The medical, graduate, and postdoctoral students at the Pritzker School of Medicine and the BSD are highly diverse in their racial and ethnic backgrounds, geographic origins, sexual orientations, ages, perspectives, and areas of expertise. Nearly one-fifth of a typical entering class at Pritzker are members of minority groups that are underrepresented in the health-related sciences and medicine. First-year medical students will have completed more than 40 different undergraduate majors, and about half of the class will have devoted at least one year after graduation to work, travel, volunteer, or pursue another degree.
Students deepen their understanding of different cultures and backgrounds through coursework, student groups, and community engagement. The Pritzker School of Medicine places a particular emphasis on "active" and interdisciplinary learning through the Pritzker Initiative principles, introduced into the curriculum in 2009. Aspects of the curriculum that reflect the Pritzker's commitment to diversity and cultural awareness include:
Pritzker students are encouraged to participate in service-learning activities throughout medical school. Opportunities include working alongside fellow students, faculty, and community members during the Days of Service; providing clinical care at our student-run free clinics; or leading health education activities at our partner schools.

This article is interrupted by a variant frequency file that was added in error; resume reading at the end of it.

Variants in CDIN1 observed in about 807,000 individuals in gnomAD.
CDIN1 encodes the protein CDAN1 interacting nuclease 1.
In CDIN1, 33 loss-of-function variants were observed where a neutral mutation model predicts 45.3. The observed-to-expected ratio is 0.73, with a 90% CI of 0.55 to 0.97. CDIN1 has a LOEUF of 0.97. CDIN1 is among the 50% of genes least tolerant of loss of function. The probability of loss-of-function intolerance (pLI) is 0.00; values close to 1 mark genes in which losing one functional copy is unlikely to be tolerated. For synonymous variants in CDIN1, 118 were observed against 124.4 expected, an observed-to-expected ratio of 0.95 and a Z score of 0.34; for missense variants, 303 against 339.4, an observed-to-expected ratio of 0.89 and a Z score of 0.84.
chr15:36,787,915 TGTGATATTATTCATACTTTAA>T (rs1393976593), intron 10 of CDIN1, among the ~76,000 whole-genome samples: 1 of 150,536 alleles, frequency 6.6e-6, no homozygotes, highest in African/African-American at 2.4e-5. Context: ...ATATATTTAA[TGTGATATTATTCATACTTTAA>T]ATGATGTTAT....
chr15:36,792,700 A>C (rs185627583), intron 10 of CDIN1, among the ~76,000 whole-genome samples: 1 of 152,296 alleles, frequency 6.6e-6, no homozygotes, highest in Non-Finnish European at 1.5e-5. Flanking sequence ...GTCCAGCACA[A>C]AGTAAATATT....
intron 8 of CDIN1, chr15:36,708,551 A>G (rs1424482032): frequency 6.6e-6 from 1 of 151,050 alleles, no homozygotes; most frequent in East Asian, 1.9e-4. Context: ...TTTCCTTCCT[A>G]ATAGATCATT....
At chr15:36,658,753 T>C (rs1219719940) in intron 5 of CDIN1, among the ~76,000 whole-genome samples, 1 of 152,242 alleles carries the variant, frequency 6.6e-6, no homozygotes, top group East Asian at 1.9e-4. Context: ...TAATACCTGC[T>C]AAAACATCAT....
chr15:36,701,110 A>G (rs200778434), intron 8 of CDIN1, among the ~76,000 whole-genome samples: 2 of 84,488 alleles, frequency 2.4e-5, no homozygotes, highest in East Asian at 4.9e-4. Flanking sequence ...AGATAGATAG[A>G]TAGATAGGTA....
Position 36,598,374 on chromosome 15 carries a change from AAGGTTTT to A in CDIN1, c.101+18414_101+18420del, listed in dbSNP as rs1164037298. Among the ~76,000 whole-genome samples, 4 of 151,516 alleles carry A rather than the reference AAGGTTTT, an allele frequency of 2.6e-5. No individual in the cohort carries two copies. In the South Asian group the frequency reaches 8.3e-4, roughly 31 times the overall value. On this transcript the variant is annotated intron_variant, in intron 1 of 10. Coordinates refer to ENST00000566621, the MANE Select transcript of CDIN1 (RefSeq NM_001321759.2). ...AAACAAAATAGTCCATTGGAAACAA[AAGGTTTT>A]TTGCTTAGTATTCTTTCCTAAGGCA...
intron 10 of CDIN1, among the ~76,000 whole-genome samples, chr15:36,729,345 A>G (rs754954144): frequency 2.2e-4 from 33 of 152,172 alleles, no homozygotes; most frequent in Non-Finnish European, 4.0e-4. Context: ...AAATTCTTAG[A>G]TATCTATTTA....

Outside the classroom, Pritzker students participate in a broad range of extracurricular activities. These student-run organizations and clinics are a strong sign of our students' respect and support for people from all walks of life.
Third- and fourth-year minority medical students (Pritzker or visiting students) who are pursuing short-term health-related research projects may be eligible for funding through the Research Funding for Underrepresented Minorities, a program announced by the National Institutes for Health in 1989.
The Visiting Clerkship Program provides support for fourth-year minority medical students who want to participate in a subspecialty rotation or an Emergency Medicine Clerkship rotation through Pritzker's Visiting Student Program.
The Pritzker School of Medicine and the Biological Sciences Division provide significant financial incentives to postdoctoral students who intend to practice in underserved communities on the South Side of Chicago.
The Repayment for Education to Alumni in Community Health (REACH) program offers a stipend to Pritzker graduates who complete a residency and then return to practice medicine at a Federally Qualified Health Center (FQHC) or a community hospital. Up to five graduates at any one time receive $40,000 per year for up to four years, in addition to the salary provided by the FQHC. To learn more about REACH selection and eligibility, click here.